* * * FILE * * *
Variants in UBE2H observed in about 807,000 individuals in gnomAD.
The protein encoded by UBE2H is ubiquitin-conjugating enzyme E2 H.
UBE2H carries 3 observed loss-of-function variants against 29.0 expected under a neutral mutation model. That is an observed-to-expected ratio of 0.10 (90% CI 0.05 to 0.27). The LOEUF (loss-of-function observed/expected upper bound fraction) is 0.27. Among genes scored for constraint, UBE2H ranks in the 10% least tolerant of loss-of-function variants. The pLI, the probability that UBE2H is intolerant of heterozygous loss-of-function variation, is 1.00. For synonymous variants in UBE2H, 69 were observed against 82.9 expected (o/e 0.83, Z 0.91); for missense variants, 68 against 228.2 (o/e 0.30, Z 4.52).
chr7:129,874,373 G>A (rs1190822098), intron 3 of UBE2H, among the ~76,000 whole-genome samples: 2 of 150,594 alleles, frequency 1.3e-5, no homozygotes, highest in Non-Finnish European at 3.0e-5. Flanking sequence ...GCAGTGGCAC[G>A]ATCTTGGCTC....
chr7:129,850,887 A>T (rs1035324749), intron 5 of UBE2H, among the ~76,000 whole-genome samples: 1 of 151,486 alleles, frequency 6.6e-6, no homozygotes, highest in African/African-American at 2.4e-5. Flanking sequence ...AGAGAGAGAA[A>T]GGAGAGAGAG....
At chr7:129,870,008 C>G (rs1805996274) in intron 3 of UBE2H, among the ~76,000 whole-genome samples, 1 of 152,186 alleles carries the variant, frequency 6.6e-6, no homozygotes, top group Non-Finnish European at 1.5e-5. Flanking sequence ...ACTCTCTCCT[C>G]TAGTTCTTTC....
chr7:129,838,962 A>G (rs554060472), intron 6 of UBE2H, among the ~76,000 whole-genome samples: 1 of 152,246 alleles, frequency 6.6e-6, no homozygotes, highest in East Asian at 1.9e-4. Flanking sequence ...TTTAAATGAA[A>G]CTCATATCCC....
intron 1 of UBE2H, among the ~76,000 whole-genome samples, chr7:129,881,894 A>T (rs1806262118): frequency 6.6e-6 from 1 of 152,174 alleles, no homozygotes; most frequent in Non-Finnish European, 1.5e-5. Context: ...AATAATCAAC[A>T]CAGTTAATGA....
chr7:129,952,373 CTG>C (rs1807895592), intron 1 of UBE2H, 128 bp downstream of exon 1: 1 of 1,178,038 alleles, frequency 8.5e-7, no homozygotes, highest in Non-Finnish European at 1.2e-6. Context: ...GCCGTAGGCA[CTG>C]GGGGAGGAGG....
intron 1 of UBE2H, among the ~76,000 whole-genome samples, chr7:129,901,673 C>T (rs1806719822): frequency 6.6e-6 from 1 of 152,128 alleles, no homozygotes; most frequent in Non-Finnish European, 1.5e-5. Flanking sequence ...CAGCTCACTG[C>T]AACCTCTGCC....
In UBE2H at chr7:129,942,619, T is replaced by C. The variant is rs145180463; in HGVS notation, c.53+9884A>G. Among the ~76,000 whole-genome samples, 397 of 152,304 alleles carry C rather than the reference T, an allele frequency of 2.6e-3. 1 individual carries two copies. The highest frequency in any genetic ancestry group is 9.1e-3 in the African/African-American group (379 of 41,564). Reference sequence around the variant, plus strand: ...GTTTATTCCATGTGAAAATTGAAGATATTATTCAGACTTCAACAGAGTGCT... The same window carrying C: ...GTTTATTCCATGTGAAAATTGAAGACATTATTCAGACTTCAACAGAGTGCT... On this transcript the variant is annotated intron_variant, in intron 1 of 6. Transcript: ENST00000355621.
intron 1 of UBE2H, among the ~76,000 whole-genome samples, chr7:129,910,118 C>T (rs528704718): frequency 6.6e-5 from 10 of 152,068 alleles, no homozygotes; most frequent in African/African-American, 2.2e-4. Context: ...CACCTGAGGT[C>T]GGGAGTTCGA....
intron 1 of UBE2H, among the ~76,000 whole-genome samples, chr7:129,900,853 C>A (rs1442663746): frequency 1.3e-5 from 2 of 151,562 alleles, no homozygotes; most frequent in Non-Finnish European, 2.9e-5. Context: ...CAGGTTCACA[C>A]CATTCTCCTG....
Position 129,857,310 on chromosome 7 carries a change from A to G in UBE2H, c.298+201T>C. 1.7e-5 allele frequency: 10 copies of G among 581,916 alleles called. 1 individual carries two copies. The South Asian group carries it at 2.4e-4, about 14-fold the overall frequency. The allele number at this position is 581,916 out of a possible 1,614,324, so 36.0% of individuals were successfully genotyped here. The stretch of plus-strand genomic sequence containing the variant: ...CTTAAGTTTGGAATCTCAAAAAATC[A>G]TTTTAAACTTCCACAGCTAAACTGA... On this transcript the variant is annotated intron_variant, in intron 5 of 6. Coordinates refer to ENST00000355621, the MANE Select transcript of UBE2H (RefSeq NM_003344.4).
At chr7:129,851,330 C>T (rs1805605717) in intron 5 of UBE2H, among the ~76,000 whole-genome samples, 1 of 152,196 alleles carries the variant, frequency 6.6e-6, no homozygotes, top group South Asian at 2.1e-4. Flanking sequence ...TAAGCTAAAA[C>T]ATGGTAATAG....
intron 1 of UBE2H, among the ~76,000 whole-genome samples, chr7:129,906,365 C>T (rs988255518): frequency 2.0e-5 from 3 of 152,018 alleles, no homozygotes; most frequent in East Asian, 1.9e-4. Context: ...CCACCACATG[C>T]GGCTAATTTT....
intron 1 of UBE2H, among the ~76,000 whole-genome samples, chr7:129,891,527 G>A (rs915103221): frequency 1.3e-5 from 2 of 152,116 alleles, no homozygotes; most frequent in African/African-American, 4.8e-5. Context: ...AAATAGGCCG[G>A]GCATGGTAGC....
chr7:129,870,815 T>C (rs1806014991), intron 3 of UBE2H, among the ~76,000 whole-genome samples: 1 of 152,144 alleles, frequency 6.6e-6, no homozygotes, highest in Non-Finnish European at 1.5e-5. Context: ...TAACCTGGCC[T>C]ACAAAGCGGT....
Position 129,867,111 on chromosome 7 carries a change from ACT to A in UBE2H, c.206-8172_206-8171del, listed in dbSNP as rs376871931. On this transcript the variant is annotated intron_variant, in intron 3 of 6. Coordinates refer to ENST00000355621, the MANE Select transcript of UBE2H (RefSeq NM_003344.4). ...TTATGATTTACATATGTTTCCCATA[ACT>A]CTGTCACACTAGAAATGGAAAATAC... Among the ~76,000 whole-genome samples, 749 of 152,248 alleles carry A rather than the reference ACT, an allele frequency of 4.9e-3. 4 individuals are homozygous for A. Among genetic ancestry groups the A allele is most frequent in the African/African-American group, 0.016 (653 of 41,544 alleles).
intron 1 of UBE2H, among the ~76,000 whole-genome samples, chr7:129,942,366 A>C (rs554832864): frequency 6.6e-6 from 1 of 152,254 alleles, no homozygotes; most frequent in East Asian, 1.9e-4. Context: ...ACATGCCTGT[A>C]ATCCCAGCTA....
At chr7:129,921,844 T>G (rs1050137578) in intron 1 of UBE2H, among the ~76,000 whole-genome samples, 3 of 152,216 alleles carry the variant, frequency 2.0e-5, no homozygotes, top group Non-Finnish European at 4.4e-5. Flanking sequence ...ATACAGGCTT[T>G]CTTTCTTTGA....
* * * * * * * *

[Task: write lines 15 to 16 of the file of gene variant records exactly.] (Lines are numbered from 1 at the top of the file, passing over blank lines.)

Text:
At chr7:129,851,330 C>T (rs1805605717) in intron 5 of UBE2H, among the ~76,000 whole-genome samples, 1 of 152,196 alleles carries the variant, frequency 6.6e-6, no homozygotes, top group South Asian at 2.1e-4. Flanking sequence ...TAAGCTAAAA[C>T]ATGGTAATAG....
intron 1 of UBE2H, among the ~76,000 whole-genome samples, chr7:129,906,365 C>T (rs988255518): frequency 2.0e-5 from 3 of 152,018 alleles, no homozygotes; most frequent in East Asian, 1.9e-4. Context: ...CCACCACATG[C>T]GGCTAATTTT....